I do sometimes use penpreassure for the opacity. But In general I have both turned off.
Even without these featuer the accuracy of a the pen and more natural movement are well worh it. Esp. for masking and skin retouching and stuff.
I do stuff free hand now that I would have rather tryed to use some sort of trick like the magic wand or so before.

I only use the tablet when Lightroom or Photoshop are open. But in this case exclusivly. Even if I e.g. look something up on the net.
For any other kind of sessions Office/Browsing/Video etc. I stick to my mouse.

Darren Nana's picture

Patrick, I remember when i got mine I struggled for about two weeks thinking i had wasted my money and everyone else was mad but them suddenly you are using it and it feels like 2nd nature.

I'd recommend the small tablet as making huge sweeping gestures across the pad felt awkward and unnatural, it is similar to how i use my mouse, i can traverse the entire desktop with a wrist move moment. I started with the medium but that was way too big. I also have mine in front of me and the keyboard, offset to the right a little rather than completely off to the right where my mouse would be unlike most people i see using them in online tutorials. I think this stems from drawing when i was younger... try drawing when your pencil and pad is over to the side where your mouse is...doesn't compute for me.

In a nutshell: do it and stick with it, soon you'll wonder how you ever coped without it.

Stephen Vosloo's picture

Can't work in Photoshop without it... it's an invaluable tool, but it also took me a while to get into it... give yourself at least a couple of weeks. Also, I totally still use my mouse. I have so much time and muscle memory invested in that piece of tech it was hard to let go of it. Can't use Photoshop without my Wacom tablet but email, web all the other stuff I still use my mouse. I don't think it has to be one or the other. No doubt though, it changed my editing world.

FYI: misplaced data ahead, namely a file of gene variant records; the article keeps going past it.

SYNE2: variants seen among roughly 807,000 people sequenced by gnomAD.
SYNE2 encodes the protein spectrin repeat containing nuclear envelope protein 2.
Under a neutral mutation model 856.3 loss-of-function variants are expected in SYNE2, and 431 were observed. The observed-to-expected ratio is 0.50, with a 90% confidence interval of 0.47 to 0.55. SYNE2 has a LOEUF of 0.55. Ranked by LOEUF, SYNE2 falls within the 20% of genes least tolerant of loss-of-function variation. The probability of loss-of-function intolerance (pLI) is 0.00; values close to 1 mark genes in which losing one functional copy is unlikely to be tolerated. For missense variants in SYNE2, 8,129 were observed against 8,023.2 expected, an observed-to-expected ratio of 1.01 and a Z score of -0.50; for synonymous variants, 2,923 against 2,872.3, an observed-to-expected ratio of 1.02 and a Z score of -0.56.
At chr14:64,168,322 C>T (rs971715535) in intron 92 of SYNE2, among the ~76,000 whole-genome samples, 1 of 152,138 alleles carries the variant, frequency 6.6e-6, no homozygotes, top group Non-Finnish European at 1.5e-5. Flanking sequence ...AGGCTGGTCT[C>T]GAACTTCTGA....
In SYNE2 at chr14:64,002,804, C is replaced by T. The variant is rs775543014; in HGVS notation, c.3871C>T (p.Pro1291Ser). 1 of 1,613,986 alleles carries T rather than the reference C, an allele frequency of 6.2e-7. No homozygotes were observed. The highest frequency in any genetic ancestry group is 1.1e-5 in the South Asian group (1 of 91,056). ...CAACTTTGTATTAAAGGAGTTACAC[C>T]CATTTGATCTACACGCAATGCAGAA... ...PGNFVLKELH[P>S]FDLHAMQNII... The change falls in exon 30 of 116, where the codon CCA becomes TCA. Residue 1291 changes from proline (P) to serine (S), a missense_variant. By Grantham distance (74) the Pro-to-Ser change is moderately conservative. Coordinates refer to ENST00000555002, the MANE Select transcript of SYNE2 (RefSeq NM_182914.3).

Julia Kuzmenko McKim's picture

Thanks so much for the shoutout Patrick!

Patrick Hall's picture

It's always well deserved Julia, you are an inspiration for sure! Any tips you can recommend for my wacom challenge?

Adam Milton's picture

I would strongly recommend changing the buttons on the stylus from the defaults to having alt/option for the lower button and right click for the upper button. This is a feature that gets overlooked, but it's very convenient to have the alt/option button right there, as there are so many functions in PS and LR that are modified by the alt/option key.

I still prefer the mouse for very precise movements such as small crop adjustments or image transformations, but the stylus is wonderful otherwise.

I've had some minor repetitive strain issues from using a mouse too much, but using the tablet has completely nullified any of those symptoms.

Zagato Zee's picture

I only use my tablet for retouching - I found it to be inefficient for everything else I do. I use a gaming mouse with multiple shortcut buttons on it for day-to-day activities and the stylus simply can't compete with that. I also find that the tablet itself (I have an intuos 5 small) is too large to stay on my desk beside my keyboard for 24/7 use. I prefer to pull the intuos from where I store it into my lap when I use it for retouching. It isn't the be-all-end-all some people make it out to be, but I have found it invaluable for retouching - think of it as using the right tool for the job. Sometimes, that really is a good mouse, other times it's a stylus.

John Skinner's picture

I guess I was lucky in that although I had used a mouse, it was not natural to me whatsoever. And once I had a WACOM (6 years ago) I took to it like a fish to water. No transition whatsoever.

That said , if you are hesitant or wondering just how much difference it would make in workflow.. STOP and just jump in. This device and Ps were made to work together period. I'll never understand how people could use a mouse and get the results and accuracy needed. And Top Gear Top Tip ! Their support line is really top notch. I've called about a few issues and they've been bang on, short and to the point, and flawless.

Without doubt in the top 3 pieces of kit I own.. I can even use it to work Windows and browsers just like a mouse.. Just stellar !

Przemek Lodej's picture

I've been using Wacom for almost a decade now. It feels much more natural than a mouse. I use with Photoshop and 3d applications like Maya, max, zBrush and finally for browsing the web. Haven't looked back.